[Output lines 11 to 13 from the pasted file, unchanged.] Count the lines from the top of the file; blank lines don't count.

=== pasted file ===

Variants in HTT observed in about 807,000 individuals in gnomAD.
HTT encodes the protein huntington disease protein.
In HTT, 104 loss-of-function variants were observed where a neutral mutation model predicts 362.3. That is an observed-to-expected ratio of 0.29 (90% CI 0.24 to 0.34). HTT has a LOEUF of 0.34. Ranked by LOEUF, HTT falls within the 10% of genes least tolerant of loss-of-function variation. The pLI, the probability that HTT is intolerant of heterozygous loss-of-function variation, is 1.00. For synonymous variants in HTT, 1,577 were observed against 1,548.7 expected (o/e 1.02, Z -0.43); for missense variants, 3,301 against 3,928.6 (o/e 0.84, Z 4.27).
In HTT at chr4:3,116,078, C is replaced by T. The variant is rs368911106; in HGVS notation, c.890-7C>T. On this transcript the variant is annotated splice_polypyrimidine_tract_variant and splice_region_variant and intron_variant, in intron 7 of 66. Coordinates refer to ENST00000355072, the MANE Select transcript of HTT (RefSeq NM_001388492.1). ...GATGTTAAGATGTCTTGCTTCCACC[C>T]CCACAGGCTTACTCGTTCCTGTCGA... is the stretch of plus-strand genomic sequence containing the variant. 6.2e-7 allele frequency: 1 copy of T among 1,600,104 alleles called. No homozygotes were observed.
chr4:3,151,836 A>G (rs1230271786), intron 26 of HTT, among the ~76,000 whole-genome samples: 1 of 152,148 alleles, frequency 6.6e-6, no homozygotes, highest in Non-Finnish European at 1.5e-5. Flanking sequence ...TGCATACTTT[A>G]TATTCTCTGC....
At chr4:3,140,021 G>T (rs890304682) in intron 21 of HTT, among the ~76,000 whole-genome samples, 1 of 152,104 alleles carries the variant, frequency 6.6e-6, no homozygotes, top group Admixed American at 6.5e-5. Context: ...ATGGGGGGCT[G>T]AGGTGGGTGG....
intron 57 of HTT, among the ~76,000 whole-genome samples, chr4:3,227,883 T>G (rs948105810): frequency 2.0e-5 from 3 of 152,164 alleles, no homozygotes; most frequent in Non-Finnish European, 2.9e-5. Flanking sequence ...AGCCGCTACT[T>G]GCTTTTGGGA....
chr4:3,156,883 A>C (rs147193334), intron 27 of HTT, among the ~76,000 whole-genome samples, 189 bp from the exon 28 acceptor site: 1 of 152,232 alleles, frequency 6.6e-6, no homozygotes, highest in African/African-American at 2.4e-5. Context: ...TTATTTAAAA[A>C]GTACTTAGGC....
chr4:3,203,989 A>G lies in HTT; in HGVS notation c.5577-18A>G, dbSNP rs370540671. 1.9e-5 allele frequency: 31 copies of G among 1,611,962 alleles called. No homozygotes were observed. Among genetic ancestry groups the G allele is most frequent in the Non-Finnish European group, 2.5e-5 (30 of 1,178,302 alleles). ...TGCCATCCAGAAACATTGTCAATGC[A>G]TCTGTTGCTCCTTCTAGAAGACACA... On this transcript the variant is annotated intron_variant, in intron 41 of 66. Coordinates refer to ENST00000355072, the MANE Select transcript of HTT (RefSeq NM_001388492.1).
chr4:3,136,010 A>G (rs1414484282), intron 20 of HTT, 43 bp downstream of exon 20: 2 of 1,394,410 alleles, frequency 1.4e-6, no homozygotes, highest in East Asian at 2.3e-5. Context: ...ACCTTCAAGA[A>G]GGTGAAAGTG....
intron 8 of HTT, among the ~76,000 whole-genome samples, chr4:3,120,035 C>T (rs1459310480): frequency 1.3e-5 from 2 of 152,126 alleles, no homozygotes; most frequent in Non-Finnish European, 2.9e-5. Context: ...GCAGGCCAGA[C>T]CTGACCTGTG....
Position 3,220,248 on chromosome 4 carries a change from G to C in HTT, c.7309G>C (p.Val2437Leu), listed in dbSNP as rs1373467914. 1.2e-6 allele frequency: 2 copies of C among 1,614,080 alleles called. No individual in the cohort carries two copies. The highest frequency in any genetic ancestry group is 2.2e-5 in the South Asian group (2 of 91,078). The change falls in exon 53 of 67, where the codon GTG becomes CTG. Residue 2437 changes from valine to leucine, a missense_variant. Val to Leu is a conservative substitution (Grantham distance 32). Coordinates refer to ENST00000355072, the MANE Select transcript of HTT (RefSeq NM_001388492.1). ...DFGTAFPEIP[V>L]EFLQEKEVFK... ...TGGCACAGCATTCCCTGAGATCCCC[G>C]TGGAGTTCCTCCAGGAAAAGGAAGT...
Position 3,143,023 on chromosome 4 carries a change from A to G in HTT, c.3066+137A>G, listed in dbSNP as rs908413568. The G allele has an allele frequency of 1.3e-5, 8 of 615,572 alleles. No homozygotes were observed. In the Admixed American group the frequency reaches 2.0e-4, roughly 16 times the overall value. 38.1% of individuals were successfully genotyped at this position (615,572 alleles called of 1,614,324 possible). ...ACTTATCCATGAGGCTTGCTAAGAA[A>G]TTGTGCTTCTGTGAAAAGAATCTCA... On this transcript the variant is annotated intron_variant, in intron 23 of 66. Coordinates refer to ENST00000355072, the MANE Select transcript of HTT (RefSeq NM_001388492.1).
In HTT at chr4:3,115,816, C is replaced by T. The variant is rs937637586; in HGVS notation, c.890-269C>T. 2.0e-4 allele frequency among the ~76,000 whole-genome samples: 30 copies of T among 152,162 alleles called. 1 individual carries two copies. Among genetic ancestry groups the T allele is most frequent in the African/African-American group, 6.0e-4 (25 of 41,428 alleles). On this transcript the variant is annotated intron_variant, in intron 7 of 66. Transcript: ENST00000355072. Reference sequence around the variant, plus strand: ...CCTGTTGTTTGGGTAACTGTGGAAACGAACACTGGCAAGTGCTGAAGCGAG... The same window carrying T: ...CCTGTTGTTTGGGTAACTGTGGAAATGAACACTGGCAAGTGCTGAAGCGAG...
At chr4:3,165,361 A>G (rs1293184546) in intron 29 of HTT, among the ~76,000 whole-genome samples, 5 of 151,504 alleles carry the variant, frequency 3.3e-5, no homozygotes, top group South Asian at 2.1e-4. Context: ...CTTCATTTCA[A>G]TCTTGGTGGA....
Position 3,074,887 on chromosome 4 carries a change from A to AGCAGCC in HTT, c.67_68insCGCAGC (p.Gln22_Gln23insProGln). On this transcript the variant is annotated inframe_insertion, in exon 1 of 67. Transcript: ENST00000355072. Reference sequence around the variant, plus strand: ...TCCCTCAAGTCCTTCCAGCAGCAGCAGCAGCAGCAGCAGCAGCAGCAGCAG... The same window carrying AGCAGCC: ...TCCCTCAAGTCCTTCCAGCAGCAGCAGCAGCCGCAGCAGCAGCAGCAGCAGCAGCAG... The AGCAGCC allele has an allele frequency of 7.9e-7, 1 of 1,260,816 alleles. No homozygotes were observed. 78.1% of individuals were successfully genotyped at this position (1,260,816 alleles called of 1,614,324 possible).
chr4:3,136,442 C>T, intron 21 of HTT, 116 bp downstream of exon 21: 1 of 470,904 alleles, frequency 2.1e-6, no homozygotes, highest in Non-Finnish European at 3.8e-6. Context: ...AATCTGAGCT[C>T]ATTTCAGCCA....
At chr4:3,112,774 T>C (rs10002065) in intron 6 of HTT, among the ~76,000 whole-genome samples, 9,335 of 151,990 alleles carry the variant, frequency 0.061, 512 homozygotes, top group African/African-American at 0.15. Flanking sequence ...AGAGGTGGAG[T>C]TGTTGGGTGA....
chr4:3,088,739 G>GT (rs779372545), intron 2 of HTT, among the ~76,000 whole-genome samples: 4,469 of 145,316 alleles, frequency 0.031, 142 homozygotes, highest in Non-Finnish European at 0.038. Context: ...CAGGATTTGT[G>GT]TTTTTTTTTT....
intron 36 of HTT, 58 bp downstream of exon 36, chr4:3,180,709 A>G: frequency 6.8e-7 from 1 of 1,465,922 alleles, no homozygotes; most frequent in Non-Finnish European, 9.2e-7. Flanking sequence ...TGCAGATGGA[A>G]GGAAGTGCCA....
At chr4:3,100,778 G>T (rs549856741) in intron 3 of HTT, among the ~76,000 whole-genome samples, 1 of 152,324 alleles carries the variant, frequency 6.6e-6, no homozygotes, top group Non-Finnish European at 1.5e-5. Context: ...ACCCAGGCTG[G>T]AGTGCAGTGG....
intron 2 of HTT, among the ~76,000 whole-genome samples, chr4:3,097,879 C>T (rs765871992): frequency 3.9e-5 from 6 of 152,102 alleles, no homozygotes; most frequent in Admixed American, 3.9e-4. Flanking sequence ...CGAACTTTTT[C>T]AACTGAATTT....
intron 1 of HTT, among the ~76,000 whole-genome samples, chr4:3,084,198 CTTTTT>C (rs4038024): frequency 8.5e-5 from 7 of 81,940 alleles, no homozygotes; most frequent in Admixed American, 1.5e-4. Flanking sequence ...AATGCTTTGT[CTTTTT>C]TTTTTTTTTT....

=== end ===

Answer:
intron 8 of HTT, among the ~76,000 whole-genome samples, chr4:3,120,035 C>T (rs1459310480): frequency 1.3e-5 from 2 of 152,126 alleles, no homozygotes; most frequent in Non-Finnish European, 2.9e-5. Context: ...GCAGGCCAGA[C>T]CTGACCTGTG....
Position 3,220,248 on chromosome 4 carries a change from G to C in HTT, c.7309G>C (p.Val2437Leu), listed in dbSNP as rs1373467914. 1.2e-6 allele frequency: 2 copies of C among 1,614,080 alleles called. No individual in the cohort carries two copies. The highest frequency in any genetic ancestry group is 2.2e-5 in the South Asian group (2 of 91,078). The change falls in exon 53 of 67, where the codon GTG becomes CTG. Residue 2437 changes from valine to leucine, a missense_variant. Val to Leu is a conservative substitution (Grantham distance 32). Coordinates refer to ENST00000355072, the MANE Select transcript of HTT (RefSeq NM_001388492.1). ...DFGTAFPEIP[V>L]EFLQEKEVFK... ...TGGCACAGCATTCCCTGAGATCCCC[G>C]TGGAGTTCCTCCAGGAAAAGGAAGT...
Position 3,143,023 on chromosome 4 carries a change from A to G in HTT, c.3066+137A>G, listed in dbSNP as rs908413568. The G allele has an allele frequency of 1.3e-5, 8 of 615,572 alleles. No homozygotes were observed. In the Admixed American group the frequency reaches 2.0e-4, roughly 16 times the overall value. 38.1% of individuals were successfully genotyped at this position (615,572 alleles called of 1,614,324 possible). ...ACTTATCCATGAGGCTTGCTAAGAA[A>G]TTGTGCTTCTGTGAAAAGAATCTCA... On this transcript the variant is annotated intron_variant, in intron 23 of 66. Coordinates refer to ENST00000355072, the MANE Select transcript of HTT (RefSeq NM_001388492.1).